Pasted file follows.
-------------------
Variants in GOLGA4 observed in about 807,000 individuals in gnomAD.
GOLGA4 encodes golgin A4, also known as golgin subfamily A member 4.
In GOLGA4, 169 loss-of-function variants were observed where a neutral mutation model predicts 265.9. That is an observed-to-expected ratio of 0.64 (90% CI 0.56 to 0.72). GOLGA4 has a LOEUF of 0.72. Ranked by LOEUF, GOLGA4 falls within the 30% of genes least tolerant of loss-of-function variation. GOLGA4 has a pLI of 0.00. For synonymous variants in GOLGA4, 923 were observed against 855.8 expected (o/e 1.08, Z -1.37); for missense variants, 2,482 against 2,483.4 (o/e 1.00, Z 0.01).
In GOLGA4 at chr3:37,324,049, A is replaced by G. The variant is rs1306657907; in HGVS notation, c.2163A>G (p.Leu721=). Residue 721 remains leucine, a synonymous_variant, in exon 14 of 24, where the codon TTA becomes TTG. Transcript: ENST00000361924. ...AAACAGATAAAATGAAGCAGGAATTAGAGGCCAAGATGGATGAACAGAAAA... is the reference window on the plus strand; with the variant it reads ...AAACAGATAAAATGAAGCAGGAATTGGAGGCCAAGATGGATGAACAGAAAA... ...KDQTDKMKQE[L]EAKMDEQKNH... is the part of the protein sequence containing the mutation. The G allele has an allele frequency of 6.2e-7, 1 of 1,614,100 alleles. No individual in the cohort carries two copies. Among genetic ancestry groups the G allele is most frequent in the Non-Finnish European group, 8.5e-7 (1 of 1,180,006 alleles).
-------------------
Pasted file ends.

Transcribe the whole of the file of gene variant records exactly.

Variants in GOLGA4 observed in about 807,000 individuals in gnomAD.
GOLGA4 encodes golgin A4, also known as golgin subfamily A member 4.
In GOLGA4, 169 loss-of-function variants were observed where a neutral mutation model predicts 265.9. That is an observed-to-expected ratio of 0.64 (90% CI 0.56 to 0.72). GOLGA4 has a LOEUF of 0.72. Ranked by LOEUF, GOLGA4 falls within the 30% of genes least tolerant of loss-of-function variation. GOLGA4 has a pLI of 0.00. For synonymous variants in GOLGA4, 923 were observed against 855.8 expected (o/e 1.08, Z -1.37); for missense variants, 2,482 against 2,483.4 (o/e 1.00, Z 0.01).
In GOLGA4 at chr3:37,324,049, A is replaced by G. The variant is rs1306657907; in HGVS notation, c.2163A>G (p.Leu721=). Residue 721 remains leucine, a synonymous_variant, in exon 14 of 24, where the codon TTA becomes TTG. Transcript: ENST00000361924. ...AAACAGATAAAATGAAGCAGGAATTAGAGGCCAAGATGGATGAACAGAAAA... is the reference window on the plus strand; with the variant it reads ...AAACAGATAAAATGAAGCAGGAATTGGAGGCCAAGATGGATGAACAGAAAA... ...KDQTDKMKQE[L]EAKMDEQKNH... is the part of the protein sequence containing the mutation. The G allele has an allele frequency of 6.2e-7, 1 of 1,614,100 alleles. No individual in the cohort carries two copies. Among genetic ancestry groups the G allele is most frequent in the Non-Finnish European group, 8.5e-7 (1 of 1,180,006 alleles).